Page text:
PAINTING MY WONDERINGS – Medicine Wheel, Thoughts

Students create a mixed media artwork using watercolour paints, watercolour pencils, crayons, and fine black markers as they reflect on the mental, thinking aspect of the Medicine Wheel and the life experiences that inspire learning, questioning, and wondering.

Required Time

120 Minutes

Grade Level

Grade 3 to Grade 8

Subject

Language Arts
Science
Visual Arts
First Nations, Metis, Inuit

Vocabulary

balance contrast cool colours emphasis form shape texture variety warm colours

Materials

Crayola Marker & Watercolour Paper - 22.9 cm x 30.5 cm (9" x 12") Crayola Paintbrushes - 5 Count Crayola Watercolour Pencils - 12 Count Crayola Construction Paper Crayons - 16 Count Crayola Fine Line Markers - 12 Count Water Containers Paper Towels

Shop Crayola Products

Steps

PAINTING MY WONDERINGS – Medicine Wheel, Thoughts - Step One

Step One

  1. Begin with a circle and divide it into 4 equal sections. 
  2. Label each of the quadrants:
    ​- in the east is spiritual energy (our spirit);
    - in the south is emotional energy (our hearts, our feelings);
    - in the west is physical energy (our bodies, our actions);
    - in the north is mental energy (our thoughts, our thinking).
  3. Focus on the mental aspect of human beings.
  4. Reflect on how you learn.
    - Close your eyes and focus on the different learning experiences in your life. 
    - What images come to your mind?
    - What questions do you wonder about?
  5. Write words and draw images about your mind, your thinking, in the northern quadrant of the medicine wheel.
  6. Include life experiences that help you learn and inspire your curiosity.
PAINTING MY WONDERINGS – Medicine Wheel, Thoughts - Step Two

Step Two

  1. Brainstorm words and images connected to the mental aspect of your life.
  2. Use a variety of shapes to express the thinking area of your life.
  3. Reflect on how you learn, and the questions you wonder about.
    - What life experiences have inspired your learning and wondering?
  4. Reflect on each of the 4 elements (fire, air, earth, and water).
  5. Discuss what each element represents.
  6. Brainstorm questions, wonderings about each of the elements.
  7. Draw an image to represent each question, each wondering.
PAINTING MY WONDERINGS – Medicine Wheel, Thoughts - Step Three

Step Three

  1. Use watercolour paints to paint a background for your artwork.
  2. Begin by dividing the watercolour paper into 4 sections.
  3. Choose colours to represent each of the 4 elements.
  4. Cover your blank paper with water, then begin to add colours to each section, for examples, Fire – yellow, orange, red, Air – purple, blue, Earth – brown, green, yellow, Water – blue, green.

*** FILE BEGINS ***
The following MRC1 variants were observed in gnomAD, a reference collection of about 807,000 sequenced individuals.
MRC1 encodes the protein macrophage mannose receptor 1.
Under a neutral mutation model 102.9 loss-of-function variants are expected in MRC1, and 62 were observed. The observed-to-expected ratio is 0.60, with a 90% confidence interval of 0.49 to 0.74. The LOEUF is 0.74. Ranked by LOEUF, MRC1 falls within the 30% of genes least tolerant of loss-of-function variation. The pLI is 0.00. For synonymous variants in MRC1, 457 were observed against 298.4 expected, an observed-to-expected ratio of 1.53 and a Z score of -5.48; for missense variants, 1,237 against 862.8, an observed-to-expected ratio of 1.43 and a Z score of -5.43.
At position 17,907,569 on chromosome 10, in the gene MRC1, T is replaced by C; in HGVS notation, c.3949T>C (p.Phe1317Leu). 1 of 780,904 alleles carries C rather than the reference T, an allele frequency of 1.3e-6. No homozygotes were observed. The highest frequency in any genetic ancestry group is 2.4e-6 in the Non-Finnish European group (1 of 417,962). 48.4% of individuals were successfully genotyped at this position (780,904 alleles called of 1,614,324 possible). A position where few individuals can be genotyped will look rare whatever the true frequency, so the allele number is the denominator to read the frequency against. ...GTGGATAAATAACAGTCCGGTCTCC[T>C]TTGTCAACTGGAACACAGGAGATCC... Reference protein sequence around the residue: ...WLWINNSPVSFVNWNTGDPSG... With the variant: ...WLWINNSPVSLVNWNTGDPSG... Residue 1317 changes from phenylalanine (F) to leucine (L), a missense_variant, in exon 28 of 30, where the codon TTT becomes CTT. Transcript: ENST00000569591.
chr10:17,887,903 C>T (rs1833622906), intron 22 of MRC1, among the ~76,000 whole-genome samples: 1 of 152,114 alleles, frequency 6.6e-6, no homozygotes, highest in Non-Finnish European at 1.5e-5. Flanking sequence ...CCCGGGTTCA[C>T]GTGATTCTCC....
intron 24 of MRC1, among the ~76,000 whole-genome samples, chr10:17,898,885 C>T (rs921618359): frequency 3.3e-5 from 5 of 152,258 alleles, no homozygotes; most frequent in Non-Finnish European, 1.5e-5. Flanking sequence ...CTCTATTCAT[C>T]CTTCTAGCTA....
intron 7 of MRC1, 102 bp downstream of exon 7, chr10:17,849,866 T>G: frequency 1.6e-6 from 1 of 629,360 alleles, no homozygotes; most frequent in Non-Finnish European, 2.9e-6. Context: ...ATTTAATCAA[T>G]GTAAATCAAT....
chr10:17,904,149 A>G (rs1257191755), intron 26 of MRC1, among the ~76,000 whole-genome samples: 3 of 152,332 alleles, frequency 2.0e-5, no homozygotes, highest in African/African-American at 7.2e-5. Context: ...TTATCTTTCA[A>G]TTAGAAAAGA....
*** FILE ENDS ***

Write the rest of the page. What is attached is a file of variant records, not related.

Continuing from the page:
5. Add salt to an area to change the way the colours bleed together.
  6. Make sure you use a lot of water with your artwork.
PAINTING MY WONDERINGS – Medicine Wheel, Thoughts - Step Four

Step Four

  1. Use watercolour pencils to draw an image to represent each of the 4 questions, wonderings you had when reflecting on the 4 elements.
  2. Create your drawings using a variety of colours that contrast against the background painting.
  3. Make sure the 4 images are balanced on the whole paper.
PAINTING MY WONDERINGS – Medicine Wheel, Thoughts - Step Five

Step Five

  1. Use a paintbrush to paint clear water into each image you drew.
PAINTING MY WONDERINGS – Medicine Wheel, Thoughts - Step Six

Step Six

  1. Use crayons to clarify your images. 
  2. Add form to your shapes and emphasize different areas of each image.
PAINTING MY WONDERINGS – Medicine Wheel, Thoughts - Step Seven

Step Seven

  1. Use a fine black marker to identify each element (earth, fire, air, water). 
  2. Write a question, a wondering you are curious about for each of the elements.
PAINTING MY WONDERINGS – Medicine Wheel, Thoughts - Step Eight

Step Eight

  1. Make sure you have written your wonderings in a way that connects each of the four sections in your artwork.
  2. Create balance with both your images and words.
  3. View your work with fresh eyes.
    - What life experiences inspired you to wonder about the things in your picture?
    - What worked well in your artwork?
    - What do you see that makes you say that?

    - What would you change or do differently next time?

Prepare

  1. Prior to the lesson download background information about the medicine wheel. The following is a list of helpful links for developing a deeper understanding of the teachings represented by the medicine wheel:
    - Ojibwe/Powawatomi (Anishinabe) Teaching, by Elder: Lillian Pitawanakwat, 2006 (All rights reserved 4D Interactive Inc.) 
    Ojibwe
    - Teaching by the Medicine Wheel: An Anishinaabe Framework for Indigenous Education, by: Nicole Bell, 2014 
    ​Medicine Wheel 
    - Anishinaabemdaa: Medicine Wheel, by: Little River Band of Ottawa Indians, 2014  
    ​Anishinaabemowin
    - Teachings of the Medicine Wheel is a curriculum unit developed by the Ontario Native Literacy Coalition. On the Main Resources page, you can download a student and teacher manual.  
    Teachings
  2. If available read The Sacred Tree, by Phil Lane, Jr. et. al., 1989. 
  3. Read about the Cree artist, Jane Ash Poitras.
    - She has created many mixed media artworks.
    - Jane Ash Poitras' artworks tell stories, they help the viewer understand the history of this land we call Canada.
    - Her artworks teach, and inspire us to  think, question, wonder.